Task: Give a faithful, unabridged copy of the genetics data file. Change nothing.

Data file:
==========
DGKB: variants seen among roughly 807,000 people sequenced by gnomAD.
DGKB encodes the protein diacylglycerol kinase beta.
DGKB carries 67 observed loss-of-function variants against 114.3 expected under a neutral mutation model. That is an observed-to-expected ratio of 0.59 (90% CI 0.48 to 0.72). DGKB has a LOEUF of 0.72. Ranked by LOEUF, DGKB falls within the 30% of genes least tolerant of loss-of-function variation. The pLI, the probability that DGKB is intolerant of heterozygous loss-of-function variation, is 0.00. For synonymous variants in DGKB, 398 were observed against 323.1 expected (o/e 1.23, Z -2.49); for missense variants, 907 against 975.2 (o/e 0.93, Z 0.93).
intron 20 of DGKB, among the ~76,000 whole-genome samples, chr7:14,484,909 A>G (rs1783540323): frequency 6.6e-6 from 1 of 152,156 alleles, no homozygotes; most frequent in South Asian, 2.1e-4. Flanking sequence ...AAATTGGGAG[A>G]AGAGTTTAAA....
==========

DGKB: variants seen among roughly 807,000 people sequenced by gnomAD.
DGKB encodes the protein diacylglycerol kinase beta.
DGKB carries 67 observed loss-of-function variants against 114.3 expected under a neutral mutation model. That is an observed-to-expected ratio of 0.59 (90% CI 0.48 to 0.72). DGKB has a LOEUF of 0.72. Ranked by LOEUF, DGKB falls within the 30% of genes least tolerant of loss-of-function variation. The pLI, the probability that DGKB is intolerant of heterozygous loss-of-function variation, is 0.00. For synonymous variants in DGKB, 398 were observed against 323.1 expected (o/e 1.23, Z -2.49); for missense variants, 907 against 975.2 (o/e 0.93, Z 0.93).
intron 20 of DGKB, among the ~76,000 whole-genome samples, chr7:14,484,909 A>G (rs1783540323): frequency 6.6e-6 from 1 of 152,156 alleles, no homozygotes; most frequent in South Asian, 2.1e-4. Flanking sequence ...AAATTGGGAG[A>G]AGAGTTTAAA....